It's a common misconception that if you do endurance activities, you can't have muscle, be muscular, or build muscle. [Insert: "must use lighter weight if in an endurance phase"]. This narrative is taken too far, in my opinion. There is a point of meeting in the middle, but we'll get into that shortly.
What is an Endurance phase?
An endurance phase is typically done to increase muscular endurance and capacity. Most people, regardless of goals, visit this phase annually in one form or another. Endurance phases can be used as maintenance phases for those who typically focus on strength, as the bulk of the focus for those who are involved in endurance activities (hiking, running, skiing, etc.), or simply as part of their yearly program for overall wellness.
Endurance phases typically follow a format of 2-4 sets, 8-15 reps, and 30-90 sec rests per exercise. Although supersets can be found in any phase, it is common in the endurance phase.
Since the prescribed rep range is higher and rest times are lower, this is where the "must use lighter weight" is debunked. Yes, you're likely going to be using relatively lighter weight for a 12 rep exercise than you would for a 5 rep exercise. But, no, it's not because lighter weight automatically equals endurance. It's because a 5 rep exercise at an RPE 8 is going to look a lot different than a 12 reps exercise at an RPE 8. If you deadlift 5 reps at 135 lb for an RPE 8, deadlifting 12 reps at an RPE 8 is not going to be 135 lb. You would have to use relatively lighter weight with the same amount of effort to produce muscular endurance.
One of the first questions I often get when switching from a strength or power phase to an endurance phase is, "aren't I going to lose my muscle since I'm lifting less weight?" This leads us to our next order of business.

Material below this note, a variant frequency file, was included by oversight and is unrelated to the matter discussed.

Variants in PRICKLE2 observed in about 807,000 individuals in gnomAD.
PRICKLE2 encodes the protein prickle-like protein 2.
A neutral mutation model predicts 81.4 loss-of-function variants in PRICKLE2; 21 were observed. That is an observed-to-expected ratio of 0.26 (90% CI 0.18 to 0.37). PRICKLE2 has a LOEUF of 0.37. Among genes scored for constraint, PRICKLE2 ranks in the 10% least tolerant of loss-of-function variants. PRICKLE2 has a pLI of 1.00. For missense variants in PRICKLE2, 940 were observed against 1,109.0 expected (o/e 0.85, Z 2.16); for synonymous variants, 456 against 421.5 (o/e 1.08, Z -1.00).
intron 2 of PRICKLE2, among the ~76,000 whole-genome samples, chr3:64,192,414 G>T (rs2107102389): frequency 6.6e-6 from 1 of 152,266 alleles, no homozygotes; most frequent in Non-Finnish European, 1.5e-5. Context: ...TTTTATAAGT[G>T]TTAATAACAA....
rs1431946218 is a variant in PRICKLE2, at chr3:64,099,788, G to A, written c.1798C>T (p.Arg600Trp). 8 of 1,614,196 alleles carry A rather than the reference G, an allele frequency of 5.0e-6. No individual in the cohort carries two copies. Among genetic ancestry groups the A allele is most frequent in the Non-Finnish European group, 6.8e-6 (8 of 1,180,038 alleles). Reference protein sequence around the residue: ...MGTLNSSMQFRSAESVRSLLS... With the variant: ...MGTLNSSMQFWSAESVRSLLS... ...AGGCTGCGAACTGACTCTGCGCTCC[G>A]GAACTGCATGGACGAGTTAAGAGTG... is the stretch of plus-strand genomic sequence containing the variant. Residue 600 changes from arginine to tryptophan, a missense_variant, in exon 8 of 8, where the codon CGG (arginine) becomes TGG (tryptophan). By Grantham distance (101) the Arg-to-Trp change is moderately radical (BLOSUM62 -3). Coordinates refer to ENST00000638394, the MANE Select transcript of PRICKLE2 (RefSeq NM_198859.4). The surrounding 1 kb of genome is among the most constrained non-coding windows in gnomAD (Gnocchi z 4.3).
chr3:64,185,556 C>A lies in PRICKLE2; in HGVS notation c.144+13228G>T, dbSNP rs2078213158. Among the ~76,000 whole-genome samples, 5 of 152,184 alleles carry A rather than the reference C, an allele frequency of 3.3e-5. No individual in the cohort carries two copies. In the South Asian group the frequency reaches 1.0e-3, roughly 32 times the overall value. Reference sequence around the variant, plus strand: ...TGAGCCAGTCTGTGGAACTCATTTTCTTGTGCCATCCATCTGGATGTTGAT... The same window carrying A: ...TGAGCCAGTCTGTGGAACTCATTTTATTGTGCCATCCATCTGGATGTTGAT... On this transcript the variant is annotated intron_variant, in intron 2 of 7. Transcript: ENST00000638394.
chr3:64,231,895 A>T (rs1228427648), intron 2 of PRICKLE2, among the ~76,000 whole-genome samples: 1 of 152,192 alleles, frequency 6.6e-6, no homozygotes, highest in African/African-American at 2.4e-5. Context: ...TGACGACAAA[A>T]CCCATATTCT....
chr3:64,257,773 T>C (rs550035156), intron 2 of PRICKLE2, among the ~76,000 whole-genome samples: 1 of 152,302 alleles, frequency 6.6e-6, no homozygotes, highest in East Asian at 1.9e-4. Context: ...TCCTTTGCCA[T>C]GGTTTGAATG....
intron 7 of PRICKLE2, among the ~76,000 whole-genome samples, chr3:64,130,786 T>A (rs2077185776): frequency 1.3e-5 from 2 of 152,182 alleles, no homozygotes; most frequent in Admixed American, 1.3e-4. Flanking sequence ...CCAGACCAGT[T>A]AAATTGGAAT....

How do you maintain muscle in an endurance phase?
1. Lifting less weight doesn't necessarily mean your overall volume is down since you have increased the amount of reps. This is why following the RPE scale is so important. Working in the RPE 7-9 range most of the time, meaning leaving 1-3 reps left in the tank, can produce positive outcomes of increasing endurance without sacrificing muscle.
2. Nutrition is going to play a large part in maintaining muscle, as well. This is true throughout all phases of training. Keeping calories at maintenance while prioritizing protein can help maintain muscle. As a general recommendation, consider aiming for .8g/kg of bodyweight as a base. For more optimal recommendations, 1.4g-2.0g/kg of bodyweight would likely be more beneficial.
3. Include at least 2-3 full body lifts per week in addition to your cardio training. This will allow you to keep the frequency and volume of load at a manageable level throughout the endurance training.
Muscle will adapt to the environment you provide it. Continue to lift, fuel properly, and recover well to give yourself the best possible outcomes.